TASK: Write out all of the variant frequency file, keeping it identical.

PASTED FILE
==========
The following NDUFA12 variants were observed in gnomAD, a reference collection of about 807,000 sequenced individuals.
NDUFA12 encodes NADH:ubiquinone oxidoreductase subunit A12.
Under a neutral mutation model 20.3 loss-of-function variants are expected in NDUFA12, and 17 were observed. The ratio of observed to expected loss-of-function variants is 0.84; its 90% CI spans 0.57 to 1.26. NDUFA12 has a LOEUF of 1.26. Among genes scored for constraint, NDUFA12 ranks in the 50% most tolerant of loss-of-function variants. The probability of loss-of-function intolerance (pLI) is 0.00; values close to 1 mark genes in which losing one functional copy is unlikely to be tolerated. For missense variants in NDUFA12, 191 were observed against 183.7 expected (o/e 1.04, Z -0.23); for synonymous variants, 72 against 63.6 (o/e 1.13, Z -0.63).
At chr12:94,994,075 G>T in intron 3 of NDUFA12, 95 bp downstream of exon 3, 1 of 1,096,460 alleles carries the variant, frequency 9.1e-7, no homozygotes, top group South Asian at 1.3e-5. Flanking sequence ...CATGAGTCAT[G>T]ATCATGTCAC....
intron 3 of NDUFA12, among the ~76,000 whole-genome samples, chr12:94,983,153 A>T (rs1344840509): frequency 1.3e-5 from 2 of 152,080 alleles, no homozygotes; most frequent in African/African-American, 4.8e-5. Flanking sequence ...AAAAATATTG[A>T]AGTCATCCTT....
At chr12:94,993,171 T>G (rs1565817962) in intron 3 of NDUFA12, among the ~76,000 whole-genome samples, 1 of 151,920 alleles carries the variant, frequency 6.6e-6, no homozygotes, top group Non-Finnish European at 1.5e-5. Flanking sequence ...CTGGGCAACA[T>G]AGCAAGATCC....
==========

The following NDUFA12 variants were observed in gnomAD, a reference collection of about 807,000 sequenced individuals.
NDUFA12 encodes NADH:ubiquinone oxidoreductase subunit A12.
Under a neutral mutation model 20.3 loss-of-function variants are expected in NDUFA12, and 17 were observed. The ratio of observed to expected loss-of-function variants is 0.84; its 90% CI spans 0.57 to 1.26. NDUFA12 has a LOEUF of 1.26. Among genes scored for constraint, NDUFA12 ranks in the 50% most tolerant of loss-of-function variants. The probability of loss-of-function intolerance (pLI) is 0.00; values close to 1 mark genes in which losing one functional copy is unlikely to be tolerated. For missense variants in NDUFA12, 191 were observed against 183.7 expected (o/e 1.04, Z -0.23); for synonymous variants, 72 against 63.6 (o/e 1.13, Z -0.63).
At chr12:94,994,075 G>T in intron 3 of NDUFA12, 95 bp downstream of exon 3, 1 of 1,096,460 alleles carries the variant, frequency 9.1e-7, no homozygotes, top group South Asian at 1.3e-5. Flanking sequence ...CATGAGTCAT[G>T]ATCATGTCAC....
intron 3 of NDUFA12, among the ~76,000 whole-genome samples, chr12:94,983,153 A>T (rs1344840509): frequency 1.3e-5 from 2 of 152,080 alleles, no homozygotes; most frequent in African/African-American, 4.8e-5. Flanking sequence ...AAAAATATTG[A>T]AGTCATCCTT....
At chr12:94,993,171 T>G (rs1565817962) in intron 3 of NDUFA12, among the ~76,000 whole-genome samples, 1 of 151,920 alleles carries the variant, frequency 6.6e-6, no homozygotes, top group Non-Finnish European at 1.5e-5. Flanking sequence ...CTGGGCAACA[T>G]AGCAAGATCC....